The Virtuous Sin (1930)
User ReviewsReview this title
In Russia in 1914, Marya (Kay Francis) is loved by young doctor Victor Sablin (Kenneth MacKenna), but she does not return those sentiments past friendship. He talks her into marrying him anyways, with him having a full understanding that she likes him and admires his work in finding serums for deadly contagious diseases (never named oddly enough), but nothing past that. They are on the brink of the cure for a disease when WWI breaks out and Victor is conscripted into the army as a lieutenant, putting an end to their work together. Complications ensue.
At the beginning of the film I was OK with Victor's character, but by the end of the film I just wanted to take him into a room and slap him around for an hour or so and stick a pacifier in his mouth. He is a whiner extraordinaire. He whines about the war, he ignores his duty as a soldier - reading science books instead of doing routine inspections, because he thinks it is up to him to decide what is more important. He whines as though WWI was thought up by General Platoff (Walter Huston) because he was bored with peace, and when he is condemned to death for insubordination, he whines some more.
Marya loves her husband, even though she may not be IN love with him. General Platoff has complete say over Victor's fate, so Marya goes to see him to try and get a pardon - she has only a few precious days before Victor is to be shot. When she can't get to him dressed in black as a potential widow, she decides to get to him through her feminine charms. Now Platoff is apparently a guy who has a use for females only for sexual reasons - the army is his true wife, but Marya manages to win his heart, and for the first time, Platoff actually begins to heed that organ. Marya has an unexpected side effect occur too - she begins to fall in love with the general, while still having strong feelings of loyalty to Victor. How will all of this work out? Watch and find out.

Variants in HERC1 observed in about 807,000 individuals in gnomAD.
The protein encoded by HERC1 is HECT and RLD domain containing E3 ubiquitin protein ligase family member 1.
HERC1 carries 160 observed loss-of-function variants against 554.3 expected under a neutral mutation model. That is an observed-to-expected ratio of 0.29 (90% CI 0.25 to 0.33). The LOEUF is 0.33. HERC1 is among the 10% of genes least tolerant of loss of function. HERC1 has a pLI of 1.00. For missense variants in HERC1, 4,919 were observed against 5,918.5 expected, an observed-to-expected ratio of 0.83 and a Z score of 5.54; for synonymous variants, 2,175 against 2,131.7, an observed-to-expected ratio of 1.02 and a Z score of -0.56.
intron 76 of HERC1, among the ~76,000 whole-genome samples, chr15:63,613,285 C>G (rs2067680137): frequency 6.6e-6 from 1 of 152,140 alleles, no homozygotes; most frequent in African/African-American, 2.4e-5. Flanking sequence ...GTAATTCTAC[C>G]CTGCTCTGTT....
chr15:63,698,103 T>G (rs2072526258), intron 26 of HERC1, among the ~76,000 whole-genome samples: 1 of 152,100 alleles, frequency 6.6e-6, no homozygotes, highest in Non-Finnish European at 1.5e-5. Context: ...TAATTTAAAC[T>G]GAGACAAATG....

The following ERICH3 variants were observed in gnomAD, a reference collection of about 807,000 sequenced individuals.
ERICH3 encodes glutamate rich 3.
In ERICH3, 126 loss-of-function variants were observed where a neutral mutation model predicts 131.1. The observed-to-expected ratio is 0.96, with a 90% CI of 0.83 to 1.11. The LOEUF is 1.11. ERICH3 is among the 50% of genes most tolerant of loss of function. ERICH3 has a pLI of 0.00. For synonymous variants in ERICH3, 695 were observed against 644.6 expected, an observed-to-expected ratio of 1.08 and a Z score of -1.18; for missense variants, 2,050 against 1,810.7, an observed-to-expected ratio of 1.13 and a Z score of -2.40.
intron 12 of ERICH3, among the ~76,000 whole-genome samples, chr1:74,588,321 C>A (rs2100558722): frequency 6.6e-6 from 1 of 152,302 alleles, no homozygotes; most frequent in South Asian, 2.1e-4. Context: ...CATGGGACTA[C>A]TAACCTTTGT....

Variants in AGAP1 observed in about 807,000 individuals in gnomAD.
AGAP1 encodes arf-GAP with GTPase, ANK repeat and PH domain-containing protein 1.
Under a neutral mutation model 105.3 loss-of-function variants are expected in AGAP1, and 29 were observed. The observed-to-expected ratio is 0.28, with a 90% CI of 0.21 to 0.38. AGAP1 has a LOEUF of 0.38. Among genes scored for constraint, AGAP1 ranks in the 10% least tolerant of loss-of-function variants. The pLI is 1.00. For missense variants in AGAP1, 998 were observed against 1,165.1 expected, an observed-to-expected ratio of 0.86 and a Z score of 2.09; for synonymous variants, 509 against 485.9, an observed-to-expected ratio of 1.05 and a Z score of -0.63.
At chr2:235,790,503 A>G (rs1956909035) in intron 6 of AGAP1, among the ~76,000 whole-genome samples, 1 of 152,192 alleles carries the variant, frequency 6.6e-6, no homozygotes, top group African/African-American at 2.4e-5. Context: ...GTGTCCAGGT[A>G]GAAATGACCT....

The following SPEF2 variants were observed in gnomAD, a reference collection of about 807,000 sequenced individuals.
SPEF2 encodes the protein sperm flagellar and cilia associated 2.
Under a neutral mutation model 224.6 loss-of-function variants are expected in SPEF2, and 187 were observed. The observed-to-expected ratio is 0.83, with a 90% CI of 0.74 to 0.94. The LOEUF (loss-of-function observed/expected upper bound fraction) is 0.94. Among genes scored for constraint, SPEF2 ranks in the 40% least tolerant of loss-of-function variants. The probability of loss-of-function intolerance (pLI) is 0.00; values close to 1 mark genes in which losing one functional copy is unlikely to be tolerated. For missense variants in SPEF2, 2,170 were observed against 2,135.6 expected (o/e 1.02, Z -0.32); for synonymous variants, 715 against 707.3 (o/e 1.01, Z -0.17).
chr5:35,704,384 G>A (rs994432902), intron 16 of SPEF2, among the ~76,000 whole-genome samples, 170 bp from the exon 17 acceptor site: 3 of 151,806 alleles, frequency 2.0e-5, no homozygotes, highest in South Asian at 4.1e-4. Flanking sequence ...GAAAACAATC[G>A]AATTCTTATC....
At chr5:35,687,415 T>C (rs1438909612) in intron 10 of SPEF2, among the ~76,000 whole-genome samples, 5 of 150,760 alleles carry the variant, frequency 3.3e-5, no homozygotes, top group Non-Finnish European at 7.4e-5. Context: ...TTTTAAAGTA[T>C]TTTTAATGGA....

The wildcard in this film is Jobyna Howland as Alexandra Stroganov, the owner of the brothel in which Marya pretends to work while she is charming Platoff. She comes off howlingly and intentionally funny, and at first I wondered what she was doing here, but she really was needed as some comic relief to keep this rather bleak Russian tale from being too bleak. Don't worry - it's not as though the Marx Brothers have been inserted into All Quiet on the Western Front.
Let me also commend Kay Francis' acting here. This is mainly her show. She does a great job playing a woman in a true moral dilemma. Catch it if you can, but, like me, you may need to watch it twice to appreciate it.
This is an enjoyable film although it drags in parts and is quite stagey, eg, the characters sometimes deliver their lines facing the camera and each scene fades out before we start the following scene. Kenneth MacKenna is a real arse-hole in this film twatting on about his own personal honour. Kay Francis has become a slag to save his life and the prick just seems ungrateful. Thank goodness the film ends in the way that it does. I liked Walter Huston's character in the film - he is a tough general - and I felt sorry for him when he realized that he had been used by Kay Francis. I thought that he delivered the best line of the film in the battle scene where he grabs Victor back from going over the bunker to certain death. His command is "You're alive and you will please remain that way!"
The film keeps you guessing as to what Marya's tactic is going to be in order to secure Victor's release. In the end, it's nothing more than being a slut so it's slightly disappointing in terms of an exciting plot. Jobyna Howland has some funny moments as the brothel madam "Alexandra". Overall, the film is OK.
As an early film in the career of the legendary director George Cukor, this is an interesting example of how "more becomes less", meaning that it has emotional themes that go all over the place and is at one moment moody and somber, then silly and frivolous. As the second of four films for Huston and Francis, it attempts to be sincere, but ends up silly. Involved at the time with Ms. Francis, Kenneth MacKenna is perhaps one of the worst actors I've seen to grace the silver screen, with an obvious lisp that made Francis's own speech impediment seem absent, and braying every line as if he wanted to be heard down the block from the theater where this film would be playing. Even if the rumor is true that MGM's John Gilbert's voice was sabotaged by Louis B. Mayer's orders, it wasn't as annoying as MacKenna's is here. Every moment Howland is on screen just gets more and more silly, and it's even more difficult to imagine her actually being a madame as is subtly implied. When the unbilled singer starts to yowl her aria in the cafe sequence, I had to reach for some aspirin. Then comes along Ann Brody as the helium voiced housekeeper. After all that, I felt bad for whoever was in the sound booth, because by the time this was done, my ears were ringing from all the unpleasant noises coming from my TV.